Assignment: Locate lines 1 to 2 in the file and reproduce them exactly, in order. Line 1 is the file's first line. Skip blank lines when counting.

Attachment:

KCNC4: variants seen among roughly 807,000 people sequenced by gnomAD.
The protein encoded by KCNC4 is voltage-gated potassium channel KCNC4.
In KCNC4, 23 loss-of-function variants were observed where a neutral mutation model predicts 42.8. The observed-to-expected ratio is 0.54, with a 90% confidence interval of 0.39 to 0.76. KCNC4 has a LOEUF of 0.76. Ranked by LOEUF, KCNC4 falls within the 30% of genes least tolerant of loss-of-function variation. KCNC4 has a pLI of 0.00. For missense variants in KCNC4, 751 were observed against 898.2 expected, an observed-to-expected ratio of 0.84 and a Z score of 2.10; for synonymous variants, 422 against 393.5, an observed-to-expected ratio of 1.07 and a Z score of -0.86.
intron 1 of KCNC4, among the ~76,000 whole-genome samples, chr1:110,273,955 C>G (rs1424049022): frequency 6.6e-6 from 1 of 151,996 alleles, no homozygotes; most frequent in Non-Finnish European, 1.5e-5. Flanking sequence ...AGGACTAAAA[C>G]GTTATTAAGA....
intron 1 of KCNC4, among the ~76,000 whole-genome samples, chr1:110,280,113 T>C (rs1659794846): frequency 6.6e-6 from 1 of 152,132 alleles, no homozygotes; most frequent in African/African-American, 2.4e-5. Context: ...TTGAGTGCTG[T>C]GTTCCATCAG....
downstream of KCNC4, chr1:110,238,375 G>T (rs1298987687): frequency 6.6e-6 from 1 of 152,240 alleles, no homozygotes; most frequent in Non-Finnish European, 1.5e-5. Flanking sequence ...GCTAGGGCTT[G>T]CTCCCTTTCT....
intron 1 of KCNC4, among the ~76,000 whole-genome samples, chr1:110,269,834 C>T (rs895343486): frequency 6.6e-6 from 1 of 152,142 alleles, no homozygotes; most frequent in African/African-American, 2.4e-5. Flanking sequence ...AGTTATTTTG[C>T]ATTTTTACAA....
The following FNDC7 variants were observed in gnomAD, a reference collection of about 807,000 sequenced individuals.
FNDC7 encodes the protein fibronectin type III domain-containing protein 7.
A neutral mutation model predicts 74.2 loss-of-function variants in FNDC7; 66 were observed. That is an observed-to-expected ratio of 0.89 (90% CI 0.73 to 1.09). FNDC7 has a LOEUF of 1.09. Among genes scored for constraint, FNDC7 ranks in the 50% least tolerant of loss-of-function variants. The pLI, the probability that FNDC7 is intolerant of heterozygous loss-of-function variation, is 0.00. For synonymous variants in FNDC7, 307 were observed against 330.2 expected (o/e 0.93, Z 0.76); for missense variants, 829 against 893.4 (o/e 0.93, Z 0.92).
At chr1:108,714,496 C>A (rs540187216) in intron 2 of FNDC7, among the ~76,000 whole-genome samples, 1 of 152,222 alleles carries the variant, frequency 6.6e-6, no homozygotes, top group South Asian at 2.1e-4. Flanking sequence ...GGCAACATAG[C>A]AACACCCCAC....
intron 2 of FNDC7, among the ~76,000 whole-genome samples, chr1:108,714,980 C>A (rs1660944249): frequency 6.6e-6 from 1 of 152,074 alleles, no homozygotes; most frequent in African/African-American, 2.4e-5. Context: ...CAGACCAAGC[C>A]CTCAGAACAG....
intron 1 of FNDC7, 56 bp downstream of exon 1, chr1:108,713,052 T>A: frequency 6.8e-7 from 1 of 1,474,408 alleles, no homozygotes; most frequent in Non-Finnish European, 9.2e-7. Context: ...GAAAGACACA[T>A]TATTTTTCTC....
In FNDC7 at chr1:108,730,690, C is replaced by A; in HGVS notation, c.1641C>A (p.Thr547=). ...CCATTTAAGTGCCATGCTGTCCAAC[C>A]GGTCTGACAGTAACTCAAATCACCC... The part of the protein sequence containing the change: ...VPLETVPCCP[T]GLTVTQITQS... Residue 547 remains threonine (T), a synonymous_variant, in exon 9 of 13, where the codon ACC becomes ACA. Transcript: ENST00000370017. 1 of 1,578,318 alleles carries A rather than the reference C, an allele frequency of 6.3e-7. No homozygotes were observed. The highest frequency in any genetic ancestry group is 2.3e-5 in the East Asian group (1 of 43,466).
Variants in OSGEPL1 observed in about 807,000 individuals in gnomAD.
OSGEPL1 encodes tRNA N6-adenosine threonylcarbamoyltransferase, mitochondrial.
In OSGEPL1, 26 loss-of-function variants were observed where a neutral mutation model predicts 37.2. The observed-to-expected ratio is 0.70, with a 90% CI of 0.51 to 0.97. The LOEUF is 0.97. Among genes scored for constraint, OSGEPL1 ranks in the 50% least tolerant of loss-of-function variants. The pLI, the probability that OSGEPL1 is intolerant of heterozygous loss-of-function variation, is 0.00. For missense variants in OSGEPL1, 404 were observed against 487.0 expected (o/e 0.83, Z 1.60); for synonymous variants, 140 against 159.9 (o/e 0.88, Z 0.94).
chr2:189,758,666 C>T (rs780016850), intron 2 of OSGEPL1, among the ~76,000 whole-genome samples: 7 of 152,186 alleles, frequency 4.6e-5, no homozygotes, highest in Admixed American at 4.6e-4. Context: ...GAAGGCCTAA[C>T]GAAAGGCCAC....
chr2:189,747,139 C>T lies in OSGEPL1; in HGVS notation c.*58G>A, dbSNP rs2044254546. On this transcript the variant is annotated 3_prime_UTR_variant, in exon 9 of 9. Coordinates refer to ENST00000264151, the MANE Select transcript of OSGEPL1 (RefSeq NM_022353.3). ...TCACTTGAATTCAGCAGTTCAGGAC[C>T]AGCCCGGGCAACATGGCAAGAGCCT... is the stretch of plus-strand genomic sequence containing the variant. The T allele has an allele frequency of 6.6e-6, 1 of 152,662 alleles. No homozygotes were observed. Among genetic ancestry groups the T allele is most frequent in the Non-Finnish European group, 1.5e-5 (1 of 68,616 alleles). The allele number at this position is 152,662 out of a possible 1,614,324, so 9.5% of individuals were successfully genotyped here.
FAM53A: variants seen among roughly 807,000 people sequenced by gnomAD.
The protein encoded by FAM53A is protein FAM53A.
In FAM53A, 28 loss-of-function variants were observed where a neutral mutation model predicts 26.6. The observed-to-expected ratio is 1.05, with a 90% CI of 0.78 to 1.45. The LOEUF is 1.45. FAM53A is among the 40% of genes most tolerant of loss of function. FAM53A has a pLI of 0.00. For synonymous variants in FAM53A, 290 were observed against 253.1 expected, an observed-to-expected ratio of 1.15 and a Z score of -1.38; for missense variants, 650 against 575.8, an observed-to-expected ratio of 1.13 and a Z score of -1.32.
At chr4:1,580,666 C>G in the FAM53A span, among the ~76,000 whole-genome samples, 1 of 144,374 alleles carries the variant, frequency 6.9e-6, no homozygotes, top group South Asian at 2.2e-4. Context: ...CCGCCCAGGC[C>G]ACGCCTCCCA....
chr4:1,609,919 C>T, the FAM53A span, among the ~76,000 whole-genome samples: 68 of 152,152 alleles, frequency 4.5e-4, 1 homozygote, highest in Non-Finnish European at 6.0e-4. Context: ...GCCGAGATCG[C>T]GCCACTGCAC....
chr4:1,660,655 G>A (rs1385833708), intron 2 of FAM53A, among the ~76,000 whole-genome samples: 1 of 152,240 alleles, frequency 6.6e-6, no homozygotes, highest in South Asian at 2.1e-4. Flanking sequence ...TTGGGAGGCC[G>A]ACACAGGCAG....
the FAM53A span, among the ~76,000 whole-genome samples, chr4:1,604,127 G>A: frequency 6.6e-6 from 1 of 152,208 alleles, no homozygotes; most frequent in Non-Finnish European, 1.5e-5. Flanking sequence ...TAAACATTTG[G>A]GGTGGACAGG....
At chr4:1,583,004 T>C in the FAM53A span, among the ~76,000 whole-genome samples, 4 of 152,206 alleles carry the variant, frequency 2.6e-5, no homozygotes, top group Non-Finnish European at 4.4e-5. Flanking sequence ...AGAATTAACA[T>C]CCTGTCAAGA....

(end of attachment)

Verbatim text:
KCNC4: variants seen among roughly 807,000 people sequenced by gnomAD.
The protein encoded by KCNC4 is voltage-gated potassium channel KCNC4.